While the cap might appear funny, the information collected from its sensors actually is part of some serious research involving one of the nation’s most stressful jobs — air traffic controller.
Allendoerfer and other researchers work in a Federal Aviation Administration laboratory that uses virtual reality to solve conflicts between humans and machines. Read more on FAA lab using VR to improve aviation safety…
Call for submissions
Pages on Arts and Design (PAD) #12
Bodies of interaction: Physical, virtual and social interfaces
PAD (Pages on Arts and Design) is an international, open access, and peer-reviewed e-journal published twice a year. PAD publishes original and qualified intellectual production in all area of design and arts research. It provides an international and interactive forum for the exchange of ideas, debate and criticism. PAD [publishes] findings from researchers and professionals across different countries and cultures of the Mediterranean areas and encourages research on the impact of cultural factors on design theory and practice.
The publication of each issue will coincide with the publication of the call for papers for the following monographic issue on [the] Call page. The journal is identified by an International Standard Serial Number (ISSN 1972-7887) and each [of] its article carries an Article Number (AN). All the articles are freely available online upon publication. They are published under the Creative Commons Attribution-NonCommercial-NoDerivatives 4.0 International (CC BY-NC-ND 4.0)
PAD #12 CALL
Bodies of interaction: Physical, virtual and social interfaces
Keywords: body-environment, interactive artifacts, new media
Editor: Daniele Savasta
Deadline: September 8, 2014
The editor invites contributions to the issue no.12 of Pad –pages on arts and design- online journal (to be released in November 2014) that will be focused on the interactions between bodies of humans and non-humans.
Introduction Read more on Call: “Bodies of interaction: Physical, virtual and social interfaces” issue of Pages on Arts and Design (PAD)…
[From Kevin Cancienne on Twitter and more about No Quarter is available from NYU’s Game Center]
Play with the carefree heart of a dog in Dog Park
by Alexander Saeedy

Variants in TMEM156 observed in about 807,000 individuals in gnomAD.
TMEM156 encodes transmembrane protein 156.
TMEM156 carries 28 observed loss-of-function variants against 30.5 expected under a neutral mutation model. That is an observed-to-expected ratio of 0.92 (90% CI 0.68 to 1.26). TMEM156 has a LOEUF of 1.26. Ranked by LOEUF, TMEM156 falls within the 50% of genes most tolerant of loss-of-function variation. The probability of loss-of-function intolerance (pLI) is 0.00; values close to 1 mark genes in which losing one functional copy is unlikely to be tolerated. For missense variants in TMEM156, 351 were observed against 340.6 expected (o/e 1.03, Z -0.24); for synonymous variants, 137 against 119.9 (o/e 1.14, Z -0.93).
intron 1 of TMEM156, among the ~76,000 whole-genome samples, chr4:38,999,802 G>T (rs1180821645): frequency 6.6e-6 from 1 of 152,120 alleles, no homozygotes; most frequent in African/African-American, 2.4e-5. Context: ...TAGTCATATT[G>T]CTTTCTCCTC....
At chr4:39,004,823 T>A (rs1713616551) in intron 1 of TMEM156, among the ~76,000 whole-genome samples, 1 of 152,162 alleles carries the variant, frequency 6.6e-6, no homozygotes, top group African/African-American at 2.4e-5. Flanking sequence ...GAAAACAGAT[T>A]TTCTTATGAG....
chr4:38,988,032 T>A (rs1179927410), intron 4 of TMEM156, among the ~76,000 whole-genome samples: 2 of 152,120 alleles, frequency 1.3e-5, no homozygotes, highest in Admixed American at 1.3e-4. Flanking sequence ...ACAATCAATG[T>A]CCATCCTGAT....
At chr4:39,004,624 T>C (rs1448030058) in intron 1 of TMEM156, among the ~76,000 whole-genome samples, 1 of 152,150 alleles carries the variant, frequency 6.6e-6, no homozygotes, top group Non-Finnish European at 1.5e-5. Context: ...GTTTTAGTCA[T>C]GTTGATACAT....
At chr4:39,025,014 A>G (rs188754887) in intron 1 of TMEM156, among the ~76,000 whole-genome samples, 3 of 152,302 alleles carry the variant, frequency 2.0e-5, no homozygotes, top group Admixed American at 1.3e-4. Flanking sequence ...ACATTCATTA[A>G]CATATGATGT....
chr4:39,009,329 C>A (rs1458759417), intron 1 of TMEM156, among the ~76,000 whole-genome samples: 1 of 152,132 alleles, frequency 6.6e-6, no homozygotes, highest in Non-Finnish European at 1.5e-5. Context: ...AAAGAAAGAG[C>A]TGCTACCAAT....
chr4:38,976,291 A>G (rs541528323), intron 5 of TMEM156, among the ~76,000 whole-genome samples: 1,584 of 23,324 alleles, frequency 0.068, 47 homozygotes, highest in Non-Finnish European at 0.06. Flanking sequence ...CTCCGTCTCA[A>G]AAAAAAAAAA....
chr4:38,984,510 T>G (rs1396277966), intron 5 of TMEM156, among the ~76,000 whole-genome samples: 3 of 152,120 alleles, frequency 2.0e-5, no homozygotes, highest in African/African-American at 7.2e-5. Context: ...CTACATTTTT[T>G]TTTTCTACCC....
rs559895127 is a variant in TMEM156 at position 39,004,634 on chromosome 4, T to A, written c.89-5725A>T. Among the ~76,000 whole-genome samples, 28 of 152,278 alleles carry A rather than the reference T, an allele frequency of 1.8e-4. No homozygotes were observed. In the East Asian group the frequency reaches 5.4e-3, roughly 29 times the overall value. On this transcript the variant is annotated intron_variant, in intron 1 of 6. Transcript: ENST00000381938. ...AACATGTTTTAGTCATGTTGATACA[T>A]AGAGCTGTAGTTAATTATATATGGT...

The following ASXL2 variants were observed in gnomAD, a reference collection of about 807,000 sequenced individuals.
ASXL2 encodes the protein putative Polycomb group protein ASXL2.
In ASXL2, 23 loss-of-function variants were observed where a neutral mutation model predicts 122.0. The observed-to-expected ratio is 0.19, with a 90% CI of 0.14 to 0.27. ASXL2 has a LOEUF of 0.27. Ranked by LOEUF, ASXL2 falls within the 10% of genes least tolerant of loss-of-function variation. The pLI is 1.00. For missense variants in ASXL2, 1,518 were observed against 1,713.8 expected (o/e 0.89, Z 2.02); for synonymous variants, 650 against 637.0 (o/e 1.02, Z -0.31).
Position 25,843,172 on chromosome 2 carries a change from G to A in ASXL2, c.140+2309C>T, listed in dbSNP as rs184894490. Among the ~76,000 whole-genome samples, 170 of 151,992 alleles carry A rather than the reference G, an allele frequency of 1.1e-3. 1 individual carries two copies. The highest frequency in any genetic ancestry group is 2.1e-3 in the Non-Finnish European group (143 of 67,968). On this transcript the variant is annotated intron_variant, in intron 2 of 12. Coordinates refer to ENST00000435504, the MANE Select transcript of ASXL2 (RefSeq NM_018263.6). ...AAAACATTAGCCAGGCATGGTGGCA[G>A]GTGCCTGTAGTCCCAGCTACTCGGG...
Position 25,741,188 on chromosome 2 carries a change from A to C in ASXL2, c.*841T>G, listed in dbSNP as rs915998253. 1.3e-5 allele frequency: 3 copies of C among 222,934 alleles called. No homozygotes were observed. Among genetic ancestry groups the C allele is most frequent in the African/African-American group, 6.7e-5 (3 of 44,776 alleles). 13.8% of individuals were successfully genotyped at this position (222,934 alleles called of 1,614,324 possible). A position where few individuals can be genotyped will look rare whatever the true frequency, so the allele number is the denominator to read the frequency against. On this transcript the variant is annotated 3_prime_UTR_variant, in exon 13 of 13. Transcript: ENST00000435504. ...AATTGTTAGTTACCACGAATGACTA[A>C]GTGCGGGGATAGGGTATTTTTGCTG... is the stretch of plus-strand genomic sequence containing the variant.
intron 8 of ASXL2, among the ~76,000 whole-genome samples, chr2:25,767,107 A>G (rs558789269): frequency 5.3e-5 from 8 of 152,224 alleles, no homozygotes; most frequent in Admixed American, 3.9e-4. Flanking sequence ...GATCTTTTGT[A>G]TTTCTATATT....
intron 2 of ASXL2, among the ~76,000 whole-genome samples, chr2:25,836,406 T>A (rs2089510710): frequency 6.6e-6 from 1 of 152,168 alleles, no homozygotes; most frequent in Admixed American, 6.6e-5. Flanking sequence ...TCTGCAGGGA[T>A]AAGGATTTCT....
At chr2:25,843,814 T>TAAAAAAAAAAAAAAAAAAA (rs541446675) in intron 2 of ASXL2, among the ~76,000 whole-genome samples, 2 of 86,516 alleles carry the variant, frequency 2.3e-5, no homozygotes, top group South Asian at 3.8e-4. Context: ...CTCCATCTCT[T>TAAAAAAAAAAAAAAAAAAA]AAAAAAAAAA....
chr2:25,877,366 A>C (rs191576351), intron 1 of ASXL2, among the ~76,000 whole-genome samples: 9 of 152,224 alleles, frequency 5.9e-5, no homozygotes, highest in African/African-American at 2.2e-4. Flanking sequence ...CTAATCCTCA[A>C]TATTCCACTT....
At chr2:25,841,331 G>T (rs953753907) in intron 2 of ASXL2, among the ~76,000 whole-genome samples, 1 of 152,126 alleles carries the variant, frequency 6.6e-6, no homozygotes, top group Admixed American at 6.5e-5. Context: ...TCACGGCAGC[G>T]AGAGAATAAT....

Dogs are no strangers to games. Man’s best friend was a protagonist in Okami, a musician in Animal Crossing, and a prize-winning competitor in Nintendogs. But only in Okami can you virtually inhabit the body of a dog—to be running on all fours, pester some humans, and eat a bone. Then again, you were the wolf-dog incarnation of the Japanese Sun Goddess, Amaterasu. Maybe not the most authentic experience of a canine life.
Kevin Cancienne, a game designer based out of New York, is committed to a recreation of a how dogs can have a space in games—and that means stripping out the humans. His game Dog Park, slated to appear to NYU’s No Quarter in late September, turns the premise of Nintendogs on its head. Dogs are not meant to be your virtual Tamagotchi in Dog Park. You are the dog. And your goal is to play, wrestle, and dig holes with other dogs. Read more on Play with the carefree heart of a dog in Dog Park…
Call for Papers/Participation – ACE’14 Workshop on
“Designing Systems for Health and Entertainment: What are we missing?”
In conjunction with ACE 2014: http://www.ace2014.info/
Tuesday, November 11, 2014 in Madeira, Portugal
More info: http://designingsystemsforhealthandentertainment.wordpress.com/
Systems that aggregate health and entertainment goals are proliferating, but little is known about the way to design and evaluate these systems and how to manage the different (if nor opposite) needs of these two main areas. This workshop will promote the discussion of issues surrounding these areas, enabling a better understanding of the how’s and why’s of designing systems for health and entertainment, as well as the identification of new avenues of research in the field.
Therefore we invite designers, researchers and practitioners to participate in an exciting full-day workshop where they are invited to share their personal views and research on the intersection of technology, health and entertainment.
TOPICS OF INTEREST: Read more on Call: “Designing Systems for Health and Entertainment: What are we missing?” – ACE’14 Workshop…
[Image: by Souther Salazar]
The Future of Robot Caregivers
By Louise Aronson
July 19, 2014
Each time I make a house call, I stay much longer than I should. I can’t leave because my patient is holding my hand, or because she’s telling me, not for the first time, about when Aunt Mabel cut off all her hair and they called her a boy at school, or how her daddy lost his job and the lights went out and her mother lit pine cones and danced and made everyone laugh. Sometimes I can’t leave because she just has to show me one thing, but getting to that thing requires that she rise unsteadily from her chair, negotiate her walker through the narrow hallway, and find whatever it is in the dim light of her bedroom.